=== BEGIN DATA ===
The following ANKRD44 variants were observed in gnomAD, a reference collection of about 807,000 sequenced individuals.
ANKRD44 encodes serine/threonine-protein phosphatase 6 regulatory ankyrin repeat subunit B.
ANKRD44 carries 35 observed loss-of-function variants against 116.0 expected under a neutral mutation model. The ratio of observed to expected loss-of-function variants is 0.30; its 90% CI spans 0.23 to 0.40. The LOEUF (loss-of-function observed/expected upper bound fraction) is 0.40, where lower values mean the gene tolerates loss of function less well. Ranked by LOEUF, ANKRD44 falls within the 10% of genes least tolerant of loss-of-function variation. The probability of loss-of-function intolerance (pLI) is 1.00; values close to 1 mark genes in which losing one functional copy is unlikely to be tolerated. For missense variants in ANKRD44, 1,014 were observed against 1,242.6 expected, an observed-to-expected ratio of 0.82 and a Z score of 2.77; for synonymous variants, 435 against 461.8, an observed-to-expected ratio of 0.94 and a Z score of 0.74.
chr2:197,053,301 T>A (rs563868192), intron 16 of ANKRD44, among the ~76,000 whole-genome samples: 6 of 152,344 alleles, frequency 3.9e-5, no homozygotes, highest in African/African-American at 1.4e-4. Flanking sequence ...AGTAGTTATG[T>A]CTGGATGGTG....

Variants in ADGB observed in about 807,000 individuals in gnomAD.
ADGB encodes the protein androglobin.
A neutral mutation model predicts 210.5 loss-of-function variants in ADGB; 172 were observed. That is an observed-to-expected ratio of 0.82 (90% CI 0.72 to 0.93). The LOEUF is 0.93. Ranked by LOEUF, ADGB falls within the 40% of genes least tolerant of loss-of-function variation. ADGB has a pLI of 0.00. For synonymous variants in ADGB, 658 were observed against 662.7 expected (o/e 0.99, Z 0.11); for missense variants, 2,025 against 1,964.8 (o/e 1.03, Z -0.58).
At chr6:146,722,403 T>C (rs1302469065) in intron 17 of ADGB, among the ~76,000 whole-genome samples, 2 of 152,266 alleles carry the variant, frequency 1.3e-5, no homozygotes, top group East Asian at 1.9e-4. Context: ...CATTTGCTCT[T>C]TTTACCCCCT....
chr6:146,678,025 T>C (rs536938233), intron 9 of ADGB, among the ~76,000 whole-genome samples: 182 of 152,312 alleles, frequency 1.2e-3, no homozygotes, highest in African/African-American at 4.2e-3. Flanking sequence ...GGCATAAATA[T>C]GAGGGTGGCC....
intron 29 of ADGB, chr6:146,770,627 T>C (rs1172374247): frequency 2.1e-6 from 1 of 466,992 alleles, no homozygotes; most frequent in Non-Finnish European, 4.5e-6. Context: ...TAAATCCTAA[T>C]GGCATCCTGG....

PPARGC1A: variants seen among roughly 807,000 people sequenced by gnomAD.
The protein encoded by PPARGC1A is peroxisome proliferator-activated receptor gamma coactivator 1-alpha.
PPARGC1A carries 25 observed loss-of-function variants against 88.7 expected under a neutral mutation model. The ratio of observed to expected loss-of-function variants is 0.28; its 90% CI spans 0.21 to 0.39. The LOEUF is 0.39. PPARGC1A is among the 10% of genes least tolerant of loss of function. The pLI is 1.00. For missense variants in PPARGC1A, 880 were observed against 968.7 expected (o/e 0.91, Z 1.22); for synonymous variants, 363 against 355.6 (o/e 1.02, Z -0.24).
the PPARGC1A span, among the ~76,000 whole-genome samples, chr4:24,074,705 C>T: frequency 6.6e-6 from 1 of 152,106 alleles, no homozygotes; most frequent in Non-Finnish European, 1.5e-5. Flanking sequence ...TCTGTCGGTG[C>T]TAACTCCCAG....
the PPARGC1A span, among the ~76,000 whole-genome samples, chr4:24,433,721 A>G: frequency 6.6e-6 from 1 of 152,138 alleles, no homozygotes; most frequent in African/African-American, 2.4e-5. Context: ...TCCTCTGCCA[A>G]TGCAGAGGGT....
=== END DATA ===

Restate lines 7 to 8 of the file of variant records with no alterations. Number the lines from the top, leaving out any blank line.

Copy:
A neutral mutation model predicts 210.5 loss-of-function variants in ADGB; 172 were observed. That is an observed-to-expected ratio of 0.82 (90% CI 0.72 to 0.93). The LOEUF is 0.93. Ranked by LOEUF, ADGB falls within the 40% of genes least tolerant of loss-of-function variation. ADGB has a pLI of 0.00. For synonymous variants in ADGB, 658 were observed against 662.7 expected (o/e 0.99, Z 0.11); for missense variants, 2,025 against 1,964.8 (o/e 1.03, Z -0.58).
At chr6:146,722,403 T>C (rs1302469065) in intron 17 of ADGB, among the ~76,000 whole-genome samples, 2 of 152,266 alleles carry the variant, frequency 1.3e-5, no homozygotes, top group East Asian at 1.9e-4. Context: ...CATTTGCTCT[T>C]TTTACCCCCT....